FERGUSON, Mo. — Gov. Jay Nixon announced Thursday that the Missouri Highway Patrol will take control of security in Ferguson and that the unit in the embattled town would be overseen by a native son, Capt. Ron Johnson.
"What's gone on here over the last few days is not what Missouri is about. It's not what Ferguson is about. This is a place where people work, go to school, raise their families, go to church," Nixon said. "But lately it's looked a little bit more like a war zone and that's unacceptable."
Johnson, who grew up in Ferguson, said people need to show respect to each other.
"It means a lot to me personally that we this break cycle of violence, heal tension and build trust," Johnson said.
St. Louis County Executive Charlie Dooley said he supports freedom of assembly, but not disobedience for the law. He urged people to calm down, stand down and be reasonable.
"I am for justice," Dooley said. "I am not for revenge."
President Obama called for peace and calm in Ferguson, after meeting with Attorney General Eric Holder about repeated clashes between police and protesters after the shooting death of Michael Brown.
"I know that emotions are raw right now in Ferguson and there are certainly passionate differences about what has happened," Obama said from his vacation in Edgartown, Mass. "But let's remember that we're all part of one American family. We are united in common values, and that includes belief in equality under the law; a basic respect for public order and the right to peaceful public protest; a reverence for the dignity of every single man, woman and child among us; and the need for accountability when it comes to our government."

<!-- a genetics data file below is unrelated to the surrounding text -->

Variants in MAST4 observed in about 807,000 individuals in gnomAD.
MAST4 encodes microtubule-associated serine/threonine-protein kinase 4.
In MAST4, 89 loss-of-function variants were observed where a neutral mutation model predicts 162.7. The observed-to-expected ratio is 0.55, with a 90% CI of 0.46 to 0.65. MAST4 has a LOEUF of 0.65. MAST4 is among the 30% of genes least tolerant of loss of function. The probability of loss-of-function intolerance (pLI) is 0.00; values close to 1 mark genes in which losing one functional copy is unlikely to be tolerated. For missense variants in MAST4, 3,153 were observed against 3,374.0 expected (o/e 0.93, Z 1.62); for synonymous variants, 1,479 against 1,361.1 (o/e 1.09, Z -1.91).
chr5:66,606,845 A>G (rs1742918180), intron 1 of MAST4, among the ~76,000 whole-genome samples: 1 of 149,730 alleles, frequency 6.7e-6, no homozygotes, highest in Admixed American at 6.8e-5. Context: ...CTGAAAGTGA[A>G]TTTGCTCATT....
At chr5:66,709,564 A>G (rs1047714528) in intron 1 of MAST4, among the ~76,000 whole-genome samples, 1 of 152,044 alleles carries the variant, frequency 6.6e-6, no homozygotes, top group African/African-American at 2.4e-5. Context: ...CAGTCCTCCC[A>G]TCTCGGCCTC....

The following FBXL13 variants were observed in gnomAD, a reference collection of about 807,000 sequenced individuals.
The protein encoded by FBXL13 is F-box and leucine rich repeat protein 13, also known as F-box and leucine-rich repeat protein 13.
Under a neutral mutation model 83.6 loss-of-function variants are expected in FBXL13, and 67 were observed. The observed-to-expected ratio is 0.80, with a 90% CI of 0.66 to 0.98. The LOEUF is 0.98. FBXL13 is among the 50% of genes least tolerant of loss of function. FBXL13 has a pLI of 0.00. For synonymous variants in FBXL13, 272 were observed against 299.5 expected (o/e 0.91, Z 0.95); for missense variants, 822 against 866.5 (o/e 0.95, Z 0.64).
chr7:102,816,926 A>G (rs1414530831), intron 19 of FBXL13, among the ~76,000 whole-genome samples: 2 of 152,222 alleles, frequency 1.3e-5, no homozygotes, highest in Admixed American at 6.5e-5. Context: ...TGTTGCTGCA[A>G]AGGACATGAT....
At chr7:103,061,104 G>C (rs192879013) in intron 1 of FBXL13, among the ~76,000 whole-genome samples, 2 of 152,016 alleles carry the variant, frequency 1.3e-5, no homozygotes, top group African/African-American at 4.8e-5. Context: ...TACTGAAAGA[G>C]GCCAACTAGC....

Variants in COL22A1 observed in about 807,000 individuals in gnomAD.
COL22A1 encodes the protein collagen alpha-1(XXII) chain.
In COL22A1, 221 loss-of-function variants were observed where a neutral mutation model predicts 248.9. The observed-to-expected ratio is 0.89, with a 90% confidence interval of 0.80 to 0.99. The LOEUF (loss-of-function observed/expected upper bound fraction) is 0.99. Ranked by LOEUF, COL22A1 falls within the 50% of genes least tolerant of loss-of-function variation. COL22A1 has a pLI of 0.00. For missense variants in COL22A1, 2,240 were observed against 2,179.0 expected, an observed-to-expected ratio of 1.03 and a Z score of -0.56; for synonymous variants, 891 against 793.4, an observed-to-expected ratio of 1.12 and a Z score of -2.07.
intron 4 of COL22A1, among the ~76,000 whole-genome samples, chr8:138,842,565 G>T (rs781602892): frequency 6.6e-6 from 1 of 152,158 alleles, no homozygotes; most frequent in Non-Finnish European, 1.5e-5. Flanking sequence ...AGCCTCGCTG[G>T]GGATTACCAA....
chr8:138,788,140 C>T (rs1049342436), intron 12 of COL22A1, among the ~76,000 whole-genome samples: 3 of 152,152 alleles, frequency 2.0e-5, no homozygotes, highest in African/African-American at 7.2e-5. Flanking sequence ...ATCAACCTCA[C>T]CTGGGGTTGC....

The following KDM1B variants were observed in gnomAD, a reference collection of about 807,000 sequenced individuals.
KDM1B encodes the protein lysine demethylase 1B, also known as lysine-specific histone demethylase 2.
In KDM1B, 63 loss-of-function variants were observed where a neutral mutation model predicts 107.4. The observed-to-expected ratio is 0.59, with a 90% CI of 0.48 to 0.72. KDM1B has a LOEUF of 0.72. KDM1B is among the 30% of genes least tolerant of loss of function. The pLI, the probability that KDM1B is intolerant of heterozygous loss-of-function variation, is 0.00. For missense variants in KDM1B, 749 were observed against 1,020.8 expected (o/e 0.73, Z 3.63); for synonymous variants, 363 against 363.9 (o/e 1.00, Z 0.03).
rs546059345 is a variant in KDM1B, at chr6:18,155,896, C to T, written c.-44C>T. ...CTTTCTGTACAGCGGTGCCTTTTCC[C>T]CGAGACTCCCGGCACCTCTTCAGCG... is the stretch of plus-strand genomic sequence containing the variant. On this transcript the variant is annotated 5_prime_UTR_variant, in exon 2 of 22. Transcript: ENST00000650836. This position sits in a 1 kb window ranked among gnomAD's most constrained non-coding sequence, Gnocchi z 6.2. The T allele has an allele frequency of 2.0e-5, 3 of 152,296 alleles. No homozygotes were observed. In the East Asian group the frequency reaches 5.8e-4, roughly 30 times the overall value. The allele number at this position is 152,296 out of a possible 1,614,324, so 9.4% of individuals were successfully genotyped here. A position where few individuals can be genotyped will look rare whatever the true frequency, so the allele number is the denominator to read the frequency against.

Holder said after meeting with Obama that he was "deeply concerned" about the deployment of military equipment and vehicles in Ferguson. The Justice Department is investigating the shooting death of Michael Brown, which sparked the protests, for possible violations of state law or civil rights.
Holder said trust must be rebuilt between law enforcement and the community, and he was offering assistance through the COPS office and the Office of Justice Programs to help crowd control and maintain public safety
"At a time when we must seek to rebuild trust between law enforcement and the local community, I am deeply concerned that the deployment of military equipment and vehicles sends a conflicting message," Holder said. The technical assistance from Justice is aimed at maintaining public safety "without relying on unnecessarily extreme displays of force."
Sen. Claire McCaskill, D-Mo., earlier Thursday said the governor would pull St. Louis County police out of the city. She said that "it is my understanding that the county police will be taken off the investigation" into the fatal shooting Saturday of Michael Brown, 18, by a Ferguson police officer.
"The police response needs to be demilitarized," she said after her own meeting with clergy. "I think the police response has become part of the problem as opposed to being part of the solution. We've all got to take a deep breath and realize that the vast majority of people protesting have a constitutional right.. ... They are my bosses and I want to make sure they have an environment of safety and respect."